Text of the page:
Turkey’s president said Tuesday his country will talk with the Taliban regarding Turkey’s bid to operate and secure the airport in the Afghan capital, Kabul.

Speaking after Eid al-Adha prayers in northern Cyprus, President Recep Tayyip Erdogan acknowledged that the hardline Islamist group had some “discomforts” over Turkey’s proposed plans for Hamid Karzai International Airport.

“This process will also be discussed with the Taliban,” he said, adding that the group had previously negotiated with the United States and “should hold these talks much more comfortably with Turkey.”

He stressed that Turkey has always stood with Afghanistan, saying “imperial powers” have been there for decades, including in the past 20 years — an apparent reference to the U.S. deployment that is drawing to a close.

There thus seems to be an opening on both sides, leading to an increased possibility of Turkey gaining an important foothold in Afghanistan.

Refugees increasingly an issue for Turkey

Turkey’s ambitions in Afghanistan could be further amplified in the next months, due to an ever growing problem of Afghan refugees flowing into Turkey. It is therefore increasingly in Turkey’s interest to ensure a swift end to the Taliban’s war with the Afghan government, causing this refugee flow, and an added impetus to push for their planned operation of the Kabul airport.

The fresh influx of Afghan migrants to Turkey shows how the U.S. military drawdown in Afghanistan is rippling through the wider region. Ahead of the Aug. 31 deadline set by President Biden to withdraw U.S. troops from the country, the Taliban have seized swaths of the Afghan countryside and are threatening some cities. Civilian casualties surged in the first half of the year, according to a United Nations report.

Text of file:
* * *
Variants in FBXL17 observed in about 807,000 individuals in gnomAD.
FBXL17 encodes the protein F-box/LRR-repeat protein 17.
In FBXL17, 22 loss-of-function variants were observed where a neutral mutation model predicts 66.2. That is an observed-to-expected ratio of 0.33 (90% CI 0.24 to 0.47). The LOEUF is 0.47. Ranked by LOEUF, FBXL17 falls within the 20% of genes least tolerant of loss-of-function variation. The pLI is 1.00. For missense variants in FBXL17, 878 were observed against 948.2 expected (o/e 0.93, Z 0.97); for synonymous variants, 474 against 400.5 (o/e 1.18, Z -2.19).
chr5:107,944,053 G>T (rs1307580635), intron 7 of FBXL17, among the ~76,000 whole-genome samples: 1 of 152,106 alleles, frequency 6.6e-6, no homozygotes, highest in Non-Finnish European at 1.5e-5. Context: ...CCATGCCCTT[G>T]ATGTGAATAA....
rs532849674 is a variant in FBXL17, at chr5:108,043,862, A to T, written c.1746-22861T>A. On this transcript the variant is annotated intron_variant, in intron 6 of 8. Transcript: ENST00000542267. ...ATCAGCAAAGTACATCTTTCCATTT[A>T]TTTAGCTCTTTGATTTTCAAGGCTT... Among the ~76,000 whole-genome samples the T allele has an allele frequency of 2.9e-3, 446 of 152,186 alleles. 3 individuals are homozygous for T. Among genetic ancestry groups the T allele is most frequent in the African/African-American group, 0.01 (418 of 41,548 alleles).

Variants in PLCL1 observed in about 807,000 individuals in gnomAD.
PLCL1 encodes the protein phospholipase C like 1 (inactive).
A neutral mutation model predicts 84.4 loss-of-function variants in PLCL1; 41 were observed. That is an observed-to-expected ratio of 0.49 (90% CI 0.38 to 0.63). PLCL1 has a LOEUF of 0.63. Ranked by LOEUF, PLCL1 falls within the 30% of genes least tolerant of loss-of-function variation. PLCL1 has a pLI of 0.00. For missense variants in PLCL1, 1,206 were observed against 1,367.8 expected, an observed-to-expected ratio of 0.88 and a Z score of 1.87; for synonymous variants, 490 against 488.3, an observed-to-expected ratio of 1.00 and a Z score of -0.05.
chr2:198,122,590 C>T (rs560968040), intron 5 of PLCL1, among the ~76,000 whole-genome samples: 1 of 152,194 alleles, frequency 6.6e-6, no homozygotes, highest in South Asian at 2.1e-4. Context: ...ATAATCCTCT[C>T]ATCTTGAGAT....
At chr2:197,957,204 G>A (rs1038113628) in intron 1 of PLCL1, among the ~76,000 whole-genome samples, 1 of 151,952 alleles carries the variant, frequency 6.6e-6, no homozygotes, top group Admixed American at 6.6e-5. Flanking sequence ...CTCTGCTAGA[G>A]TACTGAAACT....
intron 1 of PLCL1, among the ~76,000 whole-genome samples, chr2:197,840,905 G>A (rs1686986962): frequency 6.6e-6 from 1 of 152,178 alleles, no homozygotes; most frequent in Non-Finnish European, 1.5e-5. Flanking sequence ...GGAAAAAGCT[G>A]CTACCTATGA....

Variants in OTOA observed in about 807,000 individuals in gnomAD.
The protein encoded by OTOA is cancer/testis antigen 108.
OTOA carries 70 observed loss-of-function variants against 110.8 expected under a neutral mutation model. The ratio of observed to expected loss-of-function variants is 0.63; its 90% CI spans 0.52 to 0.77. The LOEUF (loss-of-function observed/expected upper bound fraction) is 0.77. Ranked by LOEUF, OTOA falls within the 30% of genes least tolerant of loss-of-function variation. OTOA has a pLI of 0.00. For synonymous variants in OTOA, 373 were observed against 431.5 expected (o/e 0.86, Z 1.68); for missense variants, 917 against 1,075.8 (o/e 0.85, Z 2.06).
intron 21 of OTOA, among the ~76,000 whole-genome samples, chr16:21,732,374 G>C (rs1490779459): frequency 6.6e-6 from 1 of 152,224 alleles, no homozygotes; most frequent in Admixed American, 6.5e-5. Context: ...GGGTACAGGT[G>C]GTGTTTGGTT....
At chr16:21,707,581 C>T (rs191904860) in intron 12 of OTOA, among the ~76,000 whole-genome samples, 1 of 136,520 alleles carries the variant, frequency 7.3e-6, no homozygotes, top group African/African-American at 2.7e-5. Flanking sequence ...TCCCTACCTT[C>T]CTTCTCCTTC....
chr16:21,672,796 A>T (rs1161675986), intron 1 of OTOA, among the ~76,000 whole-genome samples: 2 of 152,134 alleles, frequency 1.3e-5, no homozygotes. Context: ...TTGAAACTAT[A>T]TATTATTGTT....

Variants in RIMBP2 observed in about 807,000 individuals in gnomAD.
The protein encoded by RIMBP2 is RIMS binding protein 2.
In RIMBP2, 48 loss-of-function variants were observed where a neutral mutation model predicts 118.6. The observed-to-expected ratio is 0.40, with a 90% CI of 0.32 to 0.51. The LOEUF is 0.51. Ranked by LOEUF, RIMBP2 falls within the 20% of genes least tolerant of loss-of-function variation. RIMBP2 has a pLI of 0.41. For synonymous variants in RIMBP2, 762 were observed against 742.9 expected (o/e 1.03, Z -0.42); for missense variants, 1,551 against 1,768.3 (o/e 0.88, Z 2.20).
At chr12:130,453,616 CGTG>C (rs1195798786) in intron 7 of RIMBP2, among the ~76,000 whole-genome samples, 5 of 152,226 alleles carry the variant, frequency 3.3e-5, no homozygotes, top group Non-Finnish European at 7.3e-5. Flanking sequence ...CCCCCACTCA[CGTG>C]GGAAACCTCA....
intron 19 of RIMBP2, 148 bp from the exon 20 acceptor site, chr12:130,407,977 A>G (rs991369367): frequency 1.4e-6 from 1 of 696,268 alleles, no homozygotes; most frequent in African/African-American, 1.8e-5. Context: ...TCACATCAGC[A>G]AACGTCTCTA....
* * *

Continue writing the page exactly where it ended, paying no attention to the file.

Turkey is the world’s biggest host of refugees and is home to approximately 4 million: the majority are Syrian, at 3.7 million, but Afghans make up the second biggest group. In 2020, 23,000 Afghans applied for international protection in Turkey, according to data available on the directorate general of migration management’s website.

Earlier this week, the Turkish interior ministry spokesperson, İsmail Çataklı, sought to downplay reports of a fresh wave of refugees, saying video and photographs of long lines of people walking in single file along roads in Iran, just 700 metres from the Turkish border, did not mean they would be able to enter Turkey.

Ongoing work to put up security walls, observation towers, floodlights and wireless sensors along Turkey’s borders with Iran and Iraq were 90% complete, he said, adding that “when the project is completed, terrorism, illegal crossing, smuggling, cross-border crimes will be prevented.”

The journey, like many migration routes, is extremely dangerous. As well as border defences and the threat to women of sexual violence from smugglers and fellow travellers, overcrowded and unsafe transport has led to deaths and drownings in Turkey. At least 12 people were killed last week after a smuggler’s minibus overturned on the highway, and 60 people drowned after an unseaworthy boat capsized on Lake Van last month.

Nevertheless, as the Taliban continues to take swathes of land in Afghanistan, the flow of migrants to Turkey will grow significantly, meaning Turkey has an increasingly urgent incentive to enhance negotiations with the Taliban and their scope. They will therefore see the Taliban’s recent change of stance as a positive step in this direction.

Hazem Zahab